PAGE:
Canada and other states, in times of crisis, send other types of combat ships to stricken areas. This is at best a token of support and while the optics is good, the usefulness of a frigate or destroyer to provide significant help is marginal at best. It’s not that the sailors or helicopter pilots aren’t dedicated, brave and greatly appreciated, it is just that the ships themselves don’t have the capability or resources to provide anything near what is needed.

Some would point to Canada’s MV Asterix, an at-sea replenishment ship currently leased to the Canadian Navy. Federal Fleet Services, the owners of Asterix are currently promoting the ship as a HA/DR ship. Their intentions are certainly of the highest order, but Asterix’s first task is at-sea replenishment’ for the Navy and will be for the next ten years at least.  The world cannot wait for ten years to have a ship that will provide HA/DR capabilities.  Additionally, while Asterix has a small hospital, cargo and water storage and can offload a limited number of vehicles by crane, a true HA/DR ship needs more.

 

Why Canada?

Why not Canada? Why shouldn’t Canada be the country that steps up and builds a resource that the world needs? There are several excellent arguments that point directly to Canada to be the country to build and provide these ships. First and foremost, no one particularly hates us. Canada has never conducted a hostile invasion of another country (some might point to Afghanistan, but it is open to debate whether coalitions count). Canada is generally not seen as a threat.

Second Canada’s acceptance of multi-culturalism and peaceful coexistence is a standard for the world. Our national reputation for cooperation and respect for people’s differences would help with the creation of a multi-faceted relief team that could bring many different organizations with diverse skills and expertise together. This would also provide the ability to move expeditiously thus allowing the HA/DR ships to get where they are needed quickly.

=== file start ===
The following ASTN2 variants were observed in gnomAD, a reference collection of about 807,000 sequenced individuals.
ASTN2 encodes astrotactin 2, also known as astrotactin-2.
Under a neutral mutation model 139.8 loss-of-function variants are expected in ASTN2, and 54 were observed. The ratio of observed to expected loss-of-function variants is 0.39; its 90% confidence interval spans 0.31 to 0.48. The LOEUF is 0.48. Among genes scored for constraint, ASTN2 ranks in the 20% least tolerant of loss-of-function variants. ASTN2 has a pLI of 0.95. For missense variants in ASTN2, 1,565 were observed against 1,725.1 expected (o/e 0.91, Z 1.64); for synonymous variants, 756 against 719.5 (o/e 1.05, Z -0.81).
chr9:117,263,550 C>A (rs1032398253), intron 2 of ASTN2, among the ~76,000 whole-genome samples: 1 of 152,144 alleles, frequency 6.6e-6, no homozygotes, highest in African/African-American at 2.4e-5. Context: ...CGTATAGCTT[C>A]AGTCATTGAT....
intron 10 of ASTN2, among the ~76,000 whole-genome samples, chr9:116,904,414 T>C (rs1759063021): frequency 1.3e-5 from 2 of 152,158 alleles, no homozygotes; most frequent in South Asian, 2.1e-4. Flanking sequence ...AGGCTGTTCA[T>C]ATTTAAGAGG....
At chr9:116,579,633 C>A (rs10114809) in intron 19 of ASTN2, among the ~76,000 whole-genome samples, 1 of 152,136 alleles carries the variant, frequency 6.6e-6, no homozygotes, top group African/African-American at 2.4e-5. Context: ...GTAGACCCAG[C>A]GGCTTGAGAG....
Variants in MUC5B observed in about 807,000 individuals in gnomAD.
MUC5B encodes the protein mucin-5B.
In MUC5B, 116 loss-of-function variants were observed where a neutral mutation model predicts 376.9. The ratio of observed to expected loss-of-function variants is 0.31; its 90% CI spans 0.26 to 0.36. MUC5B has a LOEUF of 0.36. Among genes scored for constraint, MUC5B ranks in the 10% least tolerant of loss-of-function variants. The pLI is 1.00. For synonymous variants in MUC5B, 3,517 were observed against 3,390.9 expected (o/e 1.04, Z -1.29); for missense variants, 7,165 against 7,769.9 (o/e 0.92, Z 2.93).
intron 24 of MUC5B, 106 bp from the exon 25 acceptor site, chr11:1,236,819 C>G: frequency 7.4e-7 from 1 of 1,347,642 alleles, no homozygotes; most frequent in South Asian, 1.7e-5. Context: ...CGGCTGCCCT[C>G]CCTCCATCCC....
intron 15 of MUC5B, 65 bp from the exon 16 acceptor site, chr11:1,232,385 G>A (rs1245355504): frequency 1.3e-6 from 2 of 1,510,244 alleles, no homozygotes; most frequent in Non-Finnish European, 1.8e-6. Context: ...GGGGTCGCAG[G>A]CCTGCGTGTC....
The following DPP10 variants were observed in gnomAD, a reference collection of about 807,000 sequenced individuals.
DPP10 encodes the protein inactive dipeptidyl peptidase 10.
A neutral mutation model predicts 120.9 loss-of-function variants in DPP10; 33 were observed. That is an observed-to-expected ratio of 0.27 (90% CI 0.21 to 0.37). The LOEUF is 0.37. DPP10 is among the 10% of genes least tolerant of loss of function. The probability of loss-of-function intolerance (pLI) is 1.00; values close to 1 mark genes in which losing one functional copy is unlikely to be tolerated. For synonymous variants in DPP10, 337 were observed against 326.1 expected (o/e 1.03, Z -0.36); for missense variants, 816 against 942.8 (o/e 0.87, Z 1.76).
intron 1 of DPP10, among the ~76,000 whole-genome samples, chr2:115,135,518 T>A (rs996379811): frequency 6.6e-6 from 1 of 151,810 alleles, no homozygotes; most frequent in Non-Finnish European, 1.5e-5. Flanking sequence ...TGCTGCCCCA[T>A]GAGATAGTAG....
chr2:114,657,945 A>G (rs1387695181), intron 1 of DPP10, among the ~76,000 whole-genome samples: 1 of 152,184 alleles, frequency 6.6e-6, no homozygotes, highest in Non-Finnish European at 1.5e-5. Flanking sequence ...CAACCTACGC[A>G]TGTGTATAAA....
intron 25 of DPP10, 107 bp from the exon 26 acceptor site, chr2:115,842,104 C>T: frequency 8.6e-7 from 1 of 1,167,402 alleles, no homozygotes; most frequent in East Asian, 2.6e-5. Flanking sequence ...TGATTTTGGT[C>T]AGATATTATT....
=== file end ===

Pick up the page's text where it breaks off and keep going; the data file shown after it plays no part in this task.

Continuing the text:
Third, Canada is one of the countries least threatened by natural disasters. Our geography and our climate are among the most disaster-proof in the world and as a result we are well-placed to provide relief to others. Our geography also places us in the ideal location. The East Coast is well-located to provide support to Europe, the Mediterranean and Caribbean, while the West Coast is well-suited to support the Pacific Coast of the Americas, Japan and East Asia. And finally, Canadians care about the people of the world. We care about refugees. We care about people’s suffering.

Building and providing HA/DR ships to the world is an opportunity to show that we care in a tangible way. Picture the feelings of relief felt by people standing on a shoreline ravaged by disaster seeing a huge white ship arrive with food, water, clothing, shelter, medical aid and support. Then picture the pride of Canadians in knowing that that ship represents Canada.

 

Notes

  1. Munich Re – 27.03.2017 – Munich Re Group or Munich Reinsurance Company (German: Münchener Rück; Münchener Rückversicherungs-Gesellschaft) is a reinsurance company based in Munich, Germany.
  2. Swiss Resigma report, titled Natural Catastrophes and Man-Made Disasters in 2015, published by the Zurich-based reinsurer’s Economic Research and Consulting unit.
  3. Wikipedia
  4. Telegraph Media Group Limited, “The deadliest natural disasters of 2017.”
  5. United Nations, /www.un.org/esa/sustdev/natlinfo/indicators/methodology_sheets/oceans_seas_coasts/pop_coastal_areas.
  6. National Public Radio, 28 March 2007, Morning Edition, Nell Greenfield Boyce